Epoch J2000.0 Equinox J2000.0
|Right ascension||09h 47m 33.4904s|
|Declination||+11° 25′ 43.646″|
|Apparent magnitude (V)||4.4 - 11.3|
|Apparent magnitude (J)||-0.7|
|B−V color index||1.26|
(113.5  pc)
The apparent magnitude of R Leonis varies between 4.31 and 11.65 with a period of 312 days. At maximum it can be seen with the naked eye, while at minimum a telescope of at least 7 cm is needed. The star's effective temperature is estimated between 2,930 and 3,080 kelvins and radius spans between 320 and 350 solar radii (as large as 1.36–1.5 astronomical units, roughly Mars's orbital zone).
A planetary system?
In 2009 Wiesemeyer et al. proposed that quasi-periodic fluctuations observed for the star R Leonis may be due to the presence of an evaporating substellar companion, probably an extrasolar planet. They have inferred a putative mass for the orbiting body of twice the mass of Jupiter, orbital period of 5.2 years and likely orbital separation of 2.7–3 astronomical units. If confirmed such a planetary object could likely be an evaporating planet, with long comet-like trail as hinted by intense SiO maser emissions. Planetary temperature would exceed 1,500 kelvins, accounting a stellar luminosity of more than 8,000 times that of the Sun.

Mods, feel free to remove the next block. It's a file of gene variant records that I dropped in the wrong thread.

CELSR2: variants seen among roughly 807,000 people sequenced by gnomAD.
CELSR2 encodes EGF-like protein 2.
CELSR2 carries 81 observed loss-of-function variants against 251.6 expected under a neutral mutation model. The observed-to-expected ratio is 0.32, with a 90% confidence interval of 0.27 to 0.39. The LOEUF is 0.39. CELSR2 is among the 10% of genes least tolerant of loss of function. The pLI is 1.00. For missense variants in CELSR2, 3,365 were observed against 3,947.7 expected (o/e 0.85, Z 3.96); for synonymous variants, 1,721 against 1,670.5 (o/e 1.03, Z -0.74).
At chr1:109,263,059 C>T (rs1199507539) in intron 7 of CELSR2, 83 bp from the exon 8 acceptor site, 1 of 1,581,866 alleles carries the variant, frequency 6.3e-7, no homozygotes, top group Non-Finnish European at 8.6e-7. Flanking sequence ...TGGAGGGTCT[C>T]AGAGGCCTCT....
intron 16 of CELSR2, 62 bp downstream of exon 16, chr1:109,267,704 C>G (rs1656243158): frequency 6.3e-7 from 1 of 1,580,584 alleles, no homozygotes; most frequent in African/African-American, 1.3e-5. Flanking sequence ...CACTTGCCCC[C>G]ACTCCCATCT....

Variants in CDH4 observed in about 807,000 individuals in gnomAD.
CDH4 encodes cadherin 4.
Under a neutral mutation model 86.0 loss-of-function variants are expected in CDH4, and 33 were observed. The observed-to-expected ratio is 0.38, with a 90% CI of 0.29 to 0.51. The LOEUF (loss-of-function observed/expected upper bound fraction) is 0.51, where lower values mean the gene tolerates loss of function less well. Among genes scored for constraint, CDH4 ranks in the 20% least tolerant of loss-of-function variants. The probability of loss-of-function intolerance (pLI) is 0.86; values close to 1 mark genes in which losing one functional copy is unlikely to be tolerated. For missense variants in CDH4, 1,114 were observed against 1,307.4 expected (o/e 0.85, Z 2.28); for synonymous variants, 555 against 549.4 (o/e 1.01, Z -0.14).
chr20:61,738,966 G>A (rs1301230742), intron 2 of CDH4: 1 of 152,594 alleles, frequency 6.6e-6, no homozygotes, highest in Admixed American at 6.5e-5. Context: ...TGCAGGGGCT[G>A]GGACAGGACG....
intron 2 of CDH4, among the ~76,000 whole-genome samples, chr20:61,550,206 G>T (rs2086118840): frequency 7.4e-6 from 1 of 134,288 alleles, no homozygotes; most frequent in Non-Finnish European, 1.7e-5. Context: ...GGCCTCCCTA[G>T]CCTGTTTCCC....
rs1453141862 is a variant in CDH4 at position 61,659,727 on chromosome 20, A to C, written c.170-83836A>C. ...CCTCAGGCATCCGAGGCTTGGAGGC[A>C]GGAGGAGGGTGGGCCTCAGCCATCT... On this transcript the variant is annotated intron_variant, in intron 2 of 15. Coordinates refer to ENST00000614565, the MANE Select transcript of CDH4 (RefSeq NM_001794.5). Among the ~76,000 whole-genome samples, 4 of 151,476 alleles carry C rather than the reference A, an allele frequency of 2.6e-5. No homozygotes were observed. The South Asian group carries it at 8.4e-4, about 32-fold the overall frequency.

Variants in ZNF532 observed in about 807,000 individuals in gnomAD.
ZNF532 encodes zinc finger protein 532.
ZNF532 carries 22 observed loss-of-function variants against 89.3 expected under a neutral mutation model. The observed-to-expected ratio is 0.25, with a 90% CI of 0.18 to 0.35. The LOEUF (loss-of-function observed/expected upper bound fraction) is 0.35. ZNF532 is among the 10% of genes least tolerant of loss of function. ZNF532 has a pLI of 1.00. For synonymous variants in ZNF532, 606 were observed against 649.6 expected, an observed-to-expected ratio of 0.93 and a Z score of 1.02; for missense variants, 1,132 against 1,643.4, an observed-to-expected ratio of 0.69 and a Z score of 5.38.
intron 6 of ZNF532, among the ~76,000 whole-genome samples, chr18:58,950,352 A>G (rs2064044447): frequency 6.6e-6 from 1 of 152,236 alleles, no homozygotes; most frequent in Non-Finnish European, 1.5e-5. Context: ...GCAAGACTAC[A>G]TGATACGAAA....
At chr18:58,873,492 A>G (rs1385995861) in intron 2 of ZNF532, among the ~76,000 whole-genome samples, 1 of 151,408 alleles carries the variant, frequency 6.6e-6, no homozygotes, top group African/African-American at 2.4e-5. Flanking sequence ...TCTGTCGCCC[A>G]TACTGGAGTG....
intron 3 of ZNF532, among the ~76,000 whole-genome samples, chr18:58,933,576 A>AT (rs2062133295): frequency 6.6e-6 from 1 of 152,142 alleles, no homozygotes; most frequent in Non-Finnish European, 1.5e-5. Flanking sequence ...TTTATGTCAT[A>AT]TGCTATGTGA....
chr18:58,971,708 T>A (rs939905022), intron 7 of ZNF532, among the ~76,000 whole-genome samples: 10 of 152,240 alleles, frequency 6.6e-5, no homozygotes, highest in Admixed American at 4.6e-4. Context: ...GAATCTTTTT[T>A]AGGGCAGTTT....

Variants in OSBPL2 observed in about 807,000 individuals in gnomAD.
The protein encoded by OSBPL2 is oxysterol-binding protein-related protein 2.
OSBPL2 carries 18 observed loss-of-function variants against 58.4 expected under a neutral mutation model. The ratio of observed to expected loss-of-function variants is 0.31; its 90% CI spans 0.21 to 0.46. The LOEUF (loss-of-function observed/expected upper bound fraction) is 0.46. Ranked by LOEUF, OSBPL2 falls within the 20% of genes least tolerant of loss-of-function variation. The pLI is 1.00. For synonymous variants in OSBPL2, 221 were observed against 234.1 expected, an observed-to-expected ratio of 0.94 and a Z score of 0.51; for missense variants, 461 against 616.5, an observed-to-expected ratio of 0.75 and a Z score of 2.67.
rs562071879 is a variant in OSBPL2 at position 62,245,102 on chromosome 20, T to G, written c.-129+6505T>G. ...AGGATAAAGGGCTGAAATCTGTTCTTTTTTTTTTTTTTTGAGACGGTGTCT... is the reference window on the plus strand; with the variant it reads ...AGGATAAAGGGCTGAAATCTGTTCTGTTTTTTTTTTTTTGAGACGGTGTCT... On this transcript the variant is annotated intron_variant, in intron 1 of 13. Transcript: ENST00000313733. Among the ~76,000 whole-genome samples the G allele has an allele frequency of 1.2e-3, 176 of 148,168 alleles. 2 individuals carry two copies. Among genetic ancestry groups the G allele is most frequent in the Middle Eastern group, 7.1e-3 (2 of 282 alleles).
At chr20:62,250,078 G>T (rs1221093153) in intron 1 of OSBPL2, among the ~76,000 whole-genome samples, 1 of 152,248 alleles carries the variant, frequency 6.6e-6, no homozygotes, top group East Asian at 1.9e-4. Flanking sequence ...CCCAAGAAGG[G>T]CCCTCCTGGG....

(in order from star)
|b (unconfirmed)||≥2 MJ||≥2.7||1898||0||—||—|
- "GCVS Query=R Leo". General Catalogue of Variable Stars @ Sternberg Astronomical Institute, Moscow, Russia. Retrieved 2012-08-22.
- "V* R Leo". SIMBAD. Centre de données astronomiques de Strasbourg. Retrieved 2012-08-21.
- Wiesemeyer; et al. (2009). "Precessing planetary magnetospheres in SiO stars?. First detection of quasi-periodic polarization fluctuations in R Leonis and V Camelopardalis". Astronomy and Astrophysics. 498 (3): 801–810. arXiv: . Bibcode:2009A&A...498..801W. doi:10.1051/0004-6361/200811242.
- Fedele; et al. (2005). "The K -Band Intensity Profile of R Leonis Probed by VLTI/VINCI". Astronomy and Astrophysics. 431 (3): 1019–1026. arXiv: . Bibcode:2005A&A...431.1019F. doi:10.1051/0004-6361:20042013.